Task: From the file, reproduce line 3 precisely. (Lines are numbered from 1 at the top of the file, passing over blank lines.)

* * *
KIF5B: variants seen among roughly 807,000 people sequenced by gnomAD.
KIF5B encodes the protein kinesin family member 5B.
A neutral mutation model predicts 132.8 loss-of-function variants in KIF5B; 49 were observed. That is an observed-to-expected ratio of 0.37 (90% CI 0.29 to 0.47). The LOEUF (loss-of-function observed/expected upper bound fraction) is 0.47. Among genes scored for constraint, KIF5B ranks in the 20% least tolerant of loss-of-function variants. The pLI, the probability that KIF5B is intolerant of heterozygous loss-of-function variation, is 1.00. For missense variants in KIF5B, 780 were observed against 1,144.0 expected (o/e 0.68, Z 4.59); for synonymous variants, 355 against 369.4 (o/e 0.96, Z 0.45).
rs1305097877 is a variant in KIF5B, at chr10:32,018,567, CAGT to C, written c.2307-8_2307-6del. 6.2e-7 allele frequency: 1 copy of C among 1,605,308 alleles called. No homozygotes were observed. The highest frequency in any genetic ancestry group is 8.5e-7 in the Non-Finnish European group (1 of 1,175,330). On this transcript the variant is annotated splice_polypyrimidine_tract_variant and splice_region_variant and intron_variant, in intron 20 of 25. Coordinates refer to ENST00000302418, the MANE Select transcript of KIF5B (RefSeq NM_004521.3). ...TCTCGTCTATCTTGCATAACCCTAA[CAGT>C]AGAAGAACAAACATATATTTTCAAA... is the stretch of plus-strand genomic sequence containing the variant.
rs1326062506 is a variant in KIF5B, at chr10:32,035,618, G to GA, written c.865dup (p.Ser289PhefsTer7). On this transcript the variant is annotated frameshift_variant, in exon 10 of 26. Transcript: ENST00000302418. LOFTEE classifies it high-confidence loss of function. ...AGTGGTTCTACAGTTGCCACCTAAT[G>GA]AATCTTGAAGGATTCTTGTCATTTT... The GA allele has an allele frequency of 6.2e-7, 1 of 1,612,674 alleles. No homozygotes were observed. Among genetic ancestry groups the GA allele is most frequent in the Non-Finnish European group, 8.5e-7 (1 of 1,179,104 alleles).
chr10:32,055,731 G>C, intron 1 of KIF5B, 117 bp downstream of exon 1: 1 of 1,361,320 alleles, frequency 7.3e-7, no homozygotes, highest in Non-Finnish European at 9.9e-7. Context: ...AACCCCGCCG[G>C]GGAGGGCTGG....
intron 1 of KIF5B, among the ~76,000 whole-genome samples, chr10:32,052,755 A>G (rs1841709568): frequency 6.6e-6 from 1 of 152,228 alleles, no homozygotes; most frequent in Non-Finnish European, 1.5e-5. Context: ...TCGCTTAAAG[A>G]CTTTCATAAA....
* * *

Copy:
A neutral mutation model predicts 132.8 loss-of-function variants in KIF5B; 49 were observed. That is an observed-to-expected ratio of 0.37 (90% CI 0.29 to 0.47). The LOEUF (loss-of-function observed/expected upper bound fraction) is 0.47. Among genes scored for constraint, KIF5B ranks in the 20% least tolerant of loss-of-function variants. The pLI, the probability that KIF5B is intolerant of heterozygous loss-of-function variation, is 1.00. For missense variants in KIF5B, 780 were observed against 1,144.0 expected (o/e 0.68, Z 4.59); for synonymous variants, 355 against 369.4 (o/e 0.96, Z 0.45).